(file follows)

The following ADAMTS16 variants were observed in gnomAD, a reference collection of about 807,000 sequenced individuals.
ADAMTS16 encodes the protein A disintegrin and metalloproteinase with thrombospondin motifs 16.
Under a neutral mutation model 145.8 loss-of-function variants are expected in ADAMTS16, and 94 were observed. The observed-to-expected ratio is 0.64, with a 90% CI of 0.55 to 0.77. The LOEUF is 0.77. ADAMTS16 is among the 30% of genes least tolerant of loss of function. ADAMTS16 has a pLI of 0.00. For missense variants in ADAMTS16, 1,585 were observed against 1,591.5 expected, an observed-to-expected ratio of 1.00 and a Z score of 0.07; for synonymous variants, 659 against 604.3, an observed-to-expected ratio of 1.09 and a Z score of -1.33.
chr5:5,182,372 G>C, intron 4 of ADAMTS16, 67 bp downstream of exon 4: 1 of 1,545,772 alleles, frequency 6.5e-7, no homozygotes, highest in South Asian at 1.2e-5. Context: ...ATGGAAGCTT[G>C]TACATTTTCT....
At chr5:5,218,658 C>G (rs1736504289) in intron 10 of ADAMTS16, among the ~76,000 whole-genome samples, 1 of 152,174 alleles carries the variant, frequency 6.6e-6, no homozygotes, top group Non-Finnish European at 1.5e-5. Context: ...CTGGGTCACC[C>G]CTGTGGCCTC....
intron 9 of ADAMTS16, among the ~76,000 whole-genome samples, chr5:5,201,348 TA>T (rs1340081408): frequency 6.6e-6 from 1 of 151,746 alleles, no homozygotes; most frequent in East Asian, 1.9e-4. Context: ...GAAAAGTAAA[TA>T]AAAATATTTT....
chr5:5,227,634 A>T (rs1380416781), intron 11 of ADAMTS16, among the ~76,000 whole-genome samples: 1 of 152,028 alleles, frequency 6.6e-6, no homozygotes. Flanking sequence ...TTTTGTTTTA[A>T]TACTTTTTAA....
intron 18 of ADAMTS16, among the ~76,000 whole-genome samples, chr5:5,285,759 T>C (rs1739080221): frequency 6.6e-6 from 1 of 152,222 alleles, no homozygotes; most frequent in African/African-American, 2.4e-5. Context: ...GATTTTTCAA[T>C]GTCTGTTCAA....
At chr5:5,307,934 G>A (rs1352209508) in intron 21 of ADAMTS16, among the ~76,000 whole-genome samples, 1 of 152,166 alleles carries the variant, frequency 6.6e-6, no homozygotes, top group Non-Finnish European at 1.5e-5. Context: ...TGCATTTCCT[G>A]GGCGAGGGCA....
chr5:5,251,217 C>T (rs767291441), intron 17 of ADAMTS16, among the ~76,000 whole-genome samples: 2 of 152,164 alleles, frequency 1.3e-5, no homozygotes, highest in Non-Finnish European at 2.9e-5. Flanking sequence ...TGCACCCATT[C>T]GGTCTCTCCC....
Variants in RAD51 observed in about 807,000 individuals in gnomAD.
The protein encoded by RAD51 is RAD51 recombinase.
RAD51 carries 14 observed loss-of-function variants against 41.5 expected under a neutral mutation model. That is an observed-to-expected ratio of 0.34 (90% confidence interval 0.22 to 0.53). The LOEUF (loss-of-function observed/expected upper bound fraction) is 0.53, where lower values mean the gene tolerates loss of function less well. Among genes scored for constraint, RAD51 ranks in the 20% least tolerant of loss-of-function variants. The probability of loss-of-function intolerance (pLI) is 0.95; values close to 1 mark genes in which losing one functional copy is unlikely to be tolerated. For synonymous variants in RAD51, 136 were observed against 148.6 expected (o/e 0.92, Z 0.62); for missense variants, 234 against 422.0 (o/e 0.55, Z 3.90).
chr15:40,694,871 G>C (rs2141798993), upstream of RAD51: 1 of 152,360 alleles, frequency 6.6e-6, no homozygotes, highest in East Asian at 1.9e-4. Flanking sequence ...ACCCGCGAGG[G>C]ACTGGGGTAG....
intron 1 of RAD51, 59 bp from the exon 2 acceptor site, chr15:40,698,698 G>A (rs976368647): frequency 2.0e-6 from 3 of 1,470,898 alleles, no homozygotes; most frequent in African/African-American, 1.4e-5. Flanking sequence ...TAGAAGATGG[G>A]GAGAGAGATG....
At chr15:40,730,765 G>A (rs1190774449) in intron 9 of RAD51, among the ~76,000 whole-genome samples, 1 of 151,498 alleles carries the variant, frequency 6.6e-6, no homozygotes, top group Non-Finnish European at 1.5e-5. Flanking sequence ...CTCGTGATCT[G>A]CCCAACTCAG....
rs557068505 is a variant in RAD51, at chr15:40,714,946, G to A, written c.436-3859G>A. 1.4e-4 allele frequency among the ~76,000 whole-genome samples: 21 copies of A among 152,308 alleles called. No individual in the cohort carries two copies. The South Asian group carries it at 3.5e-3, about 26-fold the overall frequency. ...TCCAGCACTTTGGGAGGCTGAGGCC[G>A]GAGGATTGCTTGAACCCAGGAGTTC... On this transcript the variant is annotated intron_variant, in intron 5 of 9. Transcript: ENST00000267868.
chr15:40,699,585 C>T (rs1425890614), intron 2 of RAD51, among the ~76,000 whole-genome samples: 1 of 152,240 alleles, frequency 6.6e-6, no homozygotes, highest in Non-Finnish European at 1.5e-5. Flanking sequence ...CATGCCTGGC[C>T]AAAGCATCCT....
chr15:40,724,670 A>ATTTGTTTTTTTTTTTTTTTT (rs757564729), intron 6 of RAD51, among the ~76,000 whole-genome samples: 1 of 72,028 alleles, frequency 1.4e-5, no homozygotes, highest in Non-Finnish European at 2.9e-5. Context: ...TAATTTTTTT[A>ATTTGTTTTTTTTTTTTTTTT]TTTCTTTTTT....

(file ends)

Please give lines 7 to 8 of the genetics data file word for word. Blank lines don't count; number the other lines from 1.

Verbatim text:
chr5:5,227,634 A>T (rs1380416781), intron 11 of ADAMTS16, among the ~76,000 whole-genome samples: 1 of 152,028 alleles, frequency 6.6e-6, no homozygotes. Flanking sequence ...TTTTGTTTTA[A>T]TACTTTTTAA....
intron 18 of ADAMTS16, among the ~76,000 whole-genome samples, chr5:5,285,759 T>C (rs1739080221): frequency 6.6e-6 from 1 of 152,222 alleles, no homozygotes; most frequent in African/African-American, 2.4e-5. Context: ...GATTTTTCAA[T>C]GTCTGTTCAA....